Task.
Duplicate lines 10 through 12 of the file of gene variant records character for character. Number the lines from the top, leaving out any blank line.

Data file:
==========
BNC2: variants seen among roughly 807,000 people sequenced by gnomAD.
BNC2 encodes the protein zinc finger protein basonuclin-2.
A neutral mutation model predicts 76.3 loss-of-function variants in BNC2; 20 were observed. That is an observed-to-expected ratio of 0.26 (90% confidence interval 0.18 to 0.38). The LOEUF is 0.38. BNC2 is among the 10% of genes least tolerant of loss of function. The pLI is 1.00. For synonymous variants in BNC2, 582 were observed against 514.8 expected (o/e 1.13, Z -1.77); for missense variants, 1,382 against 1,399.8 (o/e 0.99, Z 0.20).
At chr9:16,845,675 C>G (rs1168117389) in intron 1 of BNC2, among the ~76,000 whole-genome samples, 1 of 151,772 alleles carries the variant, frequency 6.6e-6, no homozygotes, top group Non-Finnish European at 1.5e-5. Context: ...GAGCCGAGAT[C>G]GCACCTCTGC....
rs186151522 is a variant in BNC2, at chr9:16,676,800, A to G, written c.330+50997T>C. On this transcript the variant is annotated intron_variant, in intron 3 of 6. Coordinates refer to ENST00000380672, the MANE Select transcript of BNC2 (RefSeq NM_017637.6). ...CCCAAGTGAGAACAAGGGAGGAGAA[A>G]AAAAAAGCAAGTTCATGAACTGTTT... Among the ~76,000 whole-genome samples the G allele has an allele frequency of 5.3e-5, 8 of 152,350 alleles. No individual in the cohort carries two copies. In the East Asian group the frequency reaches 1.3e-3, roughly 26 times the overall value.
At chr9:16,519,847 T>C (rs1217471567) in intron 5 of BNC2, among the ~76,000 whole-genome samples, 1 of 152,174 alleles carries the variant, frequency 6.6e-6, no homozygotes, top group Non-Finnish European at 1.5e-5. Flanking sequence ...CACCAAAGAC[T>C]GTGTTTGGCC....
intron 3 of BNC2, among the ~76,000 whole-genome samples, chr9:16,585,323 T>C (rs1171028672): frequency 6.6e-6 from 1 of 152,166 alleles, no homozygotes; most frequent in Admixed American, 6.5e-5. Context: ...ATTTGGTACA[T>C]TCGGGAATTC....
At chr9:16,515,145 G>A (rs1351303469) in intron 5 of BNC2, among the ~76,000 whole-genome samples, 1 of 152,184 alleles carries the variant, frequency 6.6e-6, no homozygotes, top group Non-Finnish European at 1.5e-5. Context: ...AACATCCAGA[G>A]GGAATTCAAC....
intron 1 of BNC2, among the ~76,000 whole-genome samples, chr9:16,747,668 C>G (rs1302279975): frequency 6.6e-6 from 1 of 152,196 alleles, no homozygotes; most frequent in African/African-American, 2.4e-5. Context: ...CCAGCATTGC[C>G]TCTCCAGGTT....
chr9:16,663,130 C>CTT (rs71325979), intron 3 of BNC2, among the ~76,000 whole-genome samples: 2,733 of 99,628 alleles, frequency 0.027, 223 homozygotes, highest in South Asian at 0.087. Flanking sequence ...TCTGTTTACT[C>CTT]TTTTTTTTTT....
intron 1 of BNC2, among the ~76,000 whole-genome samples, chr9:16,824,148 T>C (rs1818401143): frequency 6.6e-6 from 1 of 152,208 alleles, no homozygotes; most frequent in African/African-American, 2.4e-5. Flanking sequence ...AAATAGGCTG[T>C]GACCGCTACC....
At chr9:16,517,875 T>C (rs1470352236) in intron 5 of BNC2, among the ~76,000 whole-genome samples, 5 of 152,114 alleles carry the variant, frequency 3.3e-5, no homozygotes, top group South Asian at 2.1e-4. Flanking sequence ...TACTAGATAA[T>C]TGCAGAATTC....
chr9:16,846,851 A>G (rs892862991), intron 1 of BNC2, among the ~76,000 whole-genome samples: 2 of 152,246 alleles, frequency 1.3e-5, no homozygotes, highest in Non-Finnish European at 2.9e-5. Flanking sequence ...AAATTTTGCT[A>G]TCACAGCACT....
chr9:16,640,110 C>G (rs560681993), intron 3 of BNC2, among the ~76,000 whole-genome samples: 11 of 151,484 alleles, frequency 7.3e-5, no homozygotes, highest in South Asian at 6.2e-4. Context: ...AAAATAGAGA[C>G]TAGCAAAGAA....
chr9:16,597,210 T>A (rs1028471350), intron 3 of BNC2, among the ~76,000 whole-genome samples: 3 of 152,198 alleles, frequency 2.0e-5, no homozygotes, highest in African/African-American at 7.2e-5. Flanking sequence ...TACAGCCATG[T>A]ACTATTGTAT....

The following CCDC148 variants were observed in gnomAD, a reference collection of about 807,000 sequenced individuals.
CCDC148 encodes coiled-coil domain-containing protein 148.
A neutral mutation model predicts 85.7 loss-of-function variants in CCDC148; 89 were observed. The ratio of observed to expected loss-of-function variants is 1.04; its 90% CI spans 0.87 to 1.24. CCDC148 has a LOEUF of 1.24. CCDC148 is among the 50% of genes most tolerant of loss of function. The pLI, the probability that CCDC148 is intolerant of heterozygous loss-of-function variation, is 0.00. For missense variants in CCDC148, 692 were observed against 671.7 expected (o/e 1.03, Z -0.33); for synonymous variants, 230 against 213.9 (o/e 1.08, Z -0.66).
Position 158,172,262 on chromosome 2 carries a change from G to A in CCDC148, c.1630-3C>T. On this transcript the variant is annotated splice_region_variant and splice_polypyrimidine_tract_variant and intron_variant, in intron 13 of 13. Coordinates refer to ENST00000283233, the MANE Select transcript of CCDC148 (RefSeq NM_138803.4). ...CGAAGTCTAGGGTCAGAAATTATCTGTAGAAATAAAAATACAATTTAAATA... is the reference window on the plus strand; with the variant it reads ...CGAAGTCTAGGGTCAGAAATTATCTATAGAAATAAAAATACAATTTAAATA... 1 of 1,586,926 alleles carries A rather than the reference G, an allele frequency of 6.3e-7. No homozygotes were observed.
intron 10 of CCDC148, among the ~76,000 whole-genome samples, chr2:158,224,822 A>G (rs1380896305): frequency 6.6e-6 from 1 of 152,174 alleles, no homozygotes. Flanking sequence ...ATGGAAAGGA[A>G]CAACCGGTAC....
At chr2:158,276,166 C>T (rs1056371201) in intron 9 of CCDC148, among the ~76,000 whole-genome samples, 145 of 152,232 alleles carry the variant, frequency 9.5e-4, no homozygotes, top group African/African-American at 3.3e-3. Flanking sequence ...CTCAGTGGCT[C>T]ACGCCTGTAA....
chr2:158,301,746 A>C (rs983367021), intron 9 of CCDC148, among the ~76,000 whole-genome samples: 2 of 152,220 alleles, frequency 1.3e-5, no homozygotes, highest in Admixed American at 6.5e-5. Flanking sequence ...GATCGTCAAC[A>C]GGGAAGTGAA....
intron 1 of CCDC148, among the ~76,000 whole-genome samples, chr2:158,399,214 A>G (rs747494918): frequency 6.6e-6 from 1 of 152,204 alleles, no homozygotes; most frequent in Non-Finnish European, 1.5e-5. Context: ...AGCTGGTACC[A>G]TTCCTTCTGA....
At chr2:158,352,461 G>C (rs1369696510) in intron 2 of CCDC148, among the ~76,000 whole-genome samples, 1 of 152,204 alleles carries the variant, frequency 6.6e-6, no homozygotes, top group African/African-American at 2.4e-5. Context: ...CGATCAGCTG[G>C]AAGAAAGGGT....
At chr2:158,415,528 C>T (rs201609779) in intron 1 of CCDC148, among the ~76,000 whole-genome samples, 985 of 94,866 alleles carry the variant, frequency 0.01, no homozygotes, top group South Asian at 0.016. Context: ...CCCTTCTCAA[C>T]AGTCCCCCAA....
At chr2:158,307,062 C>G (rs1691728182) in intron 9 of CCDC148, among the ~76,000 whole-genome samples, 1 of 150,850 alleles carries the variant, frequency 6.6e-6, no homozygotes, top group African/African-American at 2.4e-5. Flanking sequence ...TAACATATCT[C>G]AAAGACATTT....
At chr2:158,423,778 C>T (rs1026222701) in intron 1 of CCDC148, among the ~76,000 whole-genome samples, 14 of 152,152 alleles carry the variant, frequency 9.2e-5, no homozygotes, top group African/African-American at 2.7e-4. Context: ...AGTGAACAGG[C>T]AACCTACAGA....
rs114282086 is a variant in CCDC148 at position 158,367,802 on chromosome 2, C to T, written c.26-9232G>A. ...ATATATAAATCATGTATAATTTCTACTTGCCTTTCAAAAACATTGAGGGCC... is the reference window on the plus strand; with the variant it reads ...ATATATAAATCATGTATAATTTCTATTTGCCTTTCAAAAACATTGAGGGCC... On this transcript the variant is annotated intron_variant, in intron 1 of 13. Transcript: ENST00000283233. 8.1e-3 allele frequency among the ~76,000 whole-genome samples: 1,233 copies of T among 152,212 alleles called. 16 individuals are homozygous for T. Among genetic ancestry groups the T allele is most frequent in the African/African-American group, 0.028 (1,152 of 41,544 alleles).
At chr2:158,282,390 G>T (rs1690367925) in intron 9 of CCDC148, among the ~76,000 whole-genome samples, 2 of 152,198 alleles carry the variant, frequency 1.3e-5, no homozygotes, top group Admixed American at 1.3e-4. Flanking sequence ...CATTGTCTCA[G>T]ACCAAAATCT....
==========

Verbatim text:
chr9:16,663,130 C>CTT (rs71325979), intron 3 of BNC2, among the ~76,000 whole-genome samples: 2,733 of 99,628 alleles, frequency 0.027, 223 homozygotes, highest in South Asian at 0.087. Flanking sequence ...TCTGTTTACT[C>CTT]TTTTTTTTTT....
intron 1 of BNC2, among the ~76,000 whole-genome samples, chr9:16,824,148 T>C (rs1818401143): frequency 6.6e-6 from 1 of 152,208 alleles, no homozygotes; most frequent in African/African-American, 2.4e-5. Flanking sequence ...AAATAGGCTG[T>C]GACCGCTACC....
At chr9:16,517,875 T>C (rs1470352236) in intron 5 of BNC2, among the ~76,000 whole-genome samples, 5 of 152,114 alleles carry the variant, frequency 3.3e-5, no homozygotes, top group South Asian at 2.1e-4. Flanking sequence ...TACTAGATAA[T>C]TGCAGAATTC....